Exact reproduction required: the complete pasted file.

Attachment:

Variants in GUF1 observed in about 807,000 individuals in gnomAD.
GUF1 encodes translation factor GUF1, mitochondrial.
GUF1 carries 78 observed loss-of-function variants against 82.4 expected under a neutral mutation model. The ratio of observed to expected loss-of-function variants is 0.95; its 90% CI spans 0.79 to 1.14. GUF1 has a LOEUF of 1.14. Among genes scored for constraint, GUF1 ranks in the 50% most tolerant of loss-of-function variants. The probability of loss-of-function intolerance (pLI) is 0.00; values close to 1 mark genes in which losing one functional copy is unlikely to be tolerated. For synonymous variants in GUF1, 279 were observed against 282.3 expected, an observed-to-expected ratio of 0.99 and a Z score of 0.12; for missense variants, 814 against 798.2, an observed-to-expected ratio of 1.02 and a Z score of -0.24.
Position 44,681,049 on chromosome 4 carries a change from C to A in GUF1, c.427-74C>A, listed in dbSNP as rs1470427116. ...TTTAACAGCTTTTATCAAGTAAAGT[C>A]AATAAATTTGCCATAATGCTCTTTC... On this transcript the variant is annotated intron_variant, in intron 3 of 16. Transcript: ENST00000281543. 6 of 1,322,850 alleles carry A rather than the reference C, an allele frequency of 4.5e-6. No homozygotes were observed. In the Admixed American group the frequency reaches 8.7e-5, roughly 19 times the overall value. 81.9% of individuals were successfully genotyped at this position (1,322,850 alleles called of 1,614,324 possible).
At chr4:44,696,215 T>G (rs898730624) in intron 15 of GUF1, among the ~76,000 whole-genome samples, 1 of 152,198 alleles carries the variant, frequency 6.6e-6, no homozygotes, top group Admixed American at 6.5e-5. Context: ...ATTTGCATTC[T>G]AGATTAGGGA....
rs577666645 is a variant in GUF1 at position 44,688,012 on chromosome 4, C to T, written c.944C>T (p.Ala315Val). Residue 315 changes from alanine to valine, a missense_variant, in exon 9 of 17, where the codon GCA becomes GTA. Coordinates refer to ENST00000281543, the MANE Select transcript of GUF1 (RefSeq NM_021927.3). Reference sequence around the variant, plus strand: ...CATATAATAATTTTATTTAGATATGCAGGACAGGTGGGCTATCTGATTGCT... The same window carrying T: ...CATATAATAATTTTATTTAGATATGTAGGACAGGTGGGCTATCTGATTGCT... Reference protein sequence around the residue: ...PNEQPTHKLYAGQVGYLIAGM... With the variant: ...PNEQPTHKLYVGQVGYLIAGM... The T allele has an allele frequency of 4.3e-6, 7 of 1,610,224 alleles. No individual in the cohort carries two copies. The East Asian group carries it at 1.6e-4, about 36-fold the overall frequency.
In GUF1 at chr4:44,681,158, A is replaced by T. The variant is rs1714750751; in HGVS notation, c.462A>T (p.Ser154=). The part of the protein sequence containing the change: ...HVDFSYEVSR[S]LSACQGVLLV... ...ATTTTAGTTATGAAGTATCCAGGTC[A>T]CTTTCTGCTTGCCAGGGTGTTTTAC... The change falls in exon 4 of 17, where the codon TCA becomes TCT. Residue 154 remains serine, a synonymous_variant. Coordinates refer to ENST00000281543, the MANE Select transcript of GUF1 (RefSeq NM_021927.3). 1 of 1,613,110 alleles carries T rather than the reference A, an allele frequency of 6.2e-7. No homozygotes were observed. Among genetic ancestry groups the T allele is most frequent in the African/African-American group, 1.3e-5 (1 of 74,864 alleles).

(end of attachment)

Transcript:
Variants in GUF1 observed in about 807,000 individuals in gnomAD.
GUF1 encodes translation factor GUF1, mitochondrial.
GUF1 carries 78 observed loss-of-function variants against 82.4 expected under a neutral mutation model. The ratio of observed to expected loss-of-function variants is 0.95; its 90% CI spans 0.79 to 1.14. GUF1 has a LOEUF of 1.14. Among genes scored for constraint, GUF1 ranks in the 50% most tolerant of loss-of-function variants. The probability of loss-of-function intolerance (pLI) is 0.00; values close to 1 mark genes in which losing one functional copy is unlikely to be tolerated. For synonymous variants in GUF1, 279 were observed against 282.3 expected, an observed-to-expected ratio of 0.99 and a Z score of 0.12; for missense variants, 814 against 798.2, an observed-to-expected ratio of 1.02 and a Z score of -0.24.
Position 44,681,049 on chromosome 4 carries a change from C to A in GUF1, c.427-74C>A, listed in dbSNP as rs1470427116. ...TTTAACAGCTTTTATCAAGTAAAGT[C>A]AATAAATTTGCCATAATGCTCTTTC... On this transcript the variant is annotated intron_variant, in intron 3 of 16. Transcript: ENST00000281543. 6 of 1,322,850 alleles carry A rather than the reference C, an allele frequency of 4.5e-6. No homozygotes were observed. In the Admixed American group the frequency reaches 8.7e-5, roughly 19 times the overall value. 81.9% of individuals were successfully genotyped at this position (1,322,850 alleles called of 1,614,324 possible).
At chr4:44,696,215 T>G (rs898730624) in intron 15 of GUF1, among the ~76,000 whole-genome samples, 1 of 152,198 alleles carries the variant, frequency 6.6e-6, no homozygotes, top group Admixed American at 6.5e-5. Context: ...ATTTGCATTC[T>G]AGATTAGGGA....
rs577666645 is a variant in GUF1 at position 44,688,012 on chromosome 4, C to T, written c.944C>T (p.Ala315Val). Residue 315 changes from alanine to valine, a missense_variant, in exon 9 of 17, where the codon GCA becomes GTA. Coordinates refer to ENST00000281543, the MANE Select transcript of GUF1 (RefSeq NM_021927.3). Reference sequence around the variant, plus strand: ...CATATAATAATTTTATTTAGATATGCAGGACAGGTGGGCTATCTGATTGCT... The same window carrying T: ...CATATAATAATTTTATTTAGATATGTAGGACAGGTGGGCTATCTGATTGCT... Reference protein sequence around the residue: ...PNEQPTHKLYAGQVGYLIAGM... With the variant: ...PNEQPTHKLYVGQVGYLIAGM... The T allele has an allele frequency of 4.3e-6, 7 of 1,610,224 alleles. No individual in the cohort carries two copies. The East Asian group carries it at 1.6e-4, about 36-fold the overall frequency.
In GUF1 at chr4:44,681,158, A is replaced by T. The variant is rs1714750751; in HGVS notation, c.462A>T (p.Ser154=). The part of the protein sequence containing the change: ...HVDFSYEVSR[S]LSACQGVLLV... ...ATTTTAGTTATGAAGTATCCAGGTC[A>T]CTTTCTGCTTGCCAGGGTGTTTTAC... The change falls in exon 4 of 17, where the codon TCA becomes TCT. Residue 154 remains serine, a synonymous_variant. Coordinates refer to ENST00000281543, the MANE Select transcript of GUF1 (RefSeq NM_021927.3). 1 of 1,613,110 alleles carries T rather than the reference A, an allele frequency of 6.2e-7. No homozygotes were observed. Among genetic ancestry groups the T allele is most frequent in the African/African-American group, 1.3e-5 (1 of 74,864 alleles).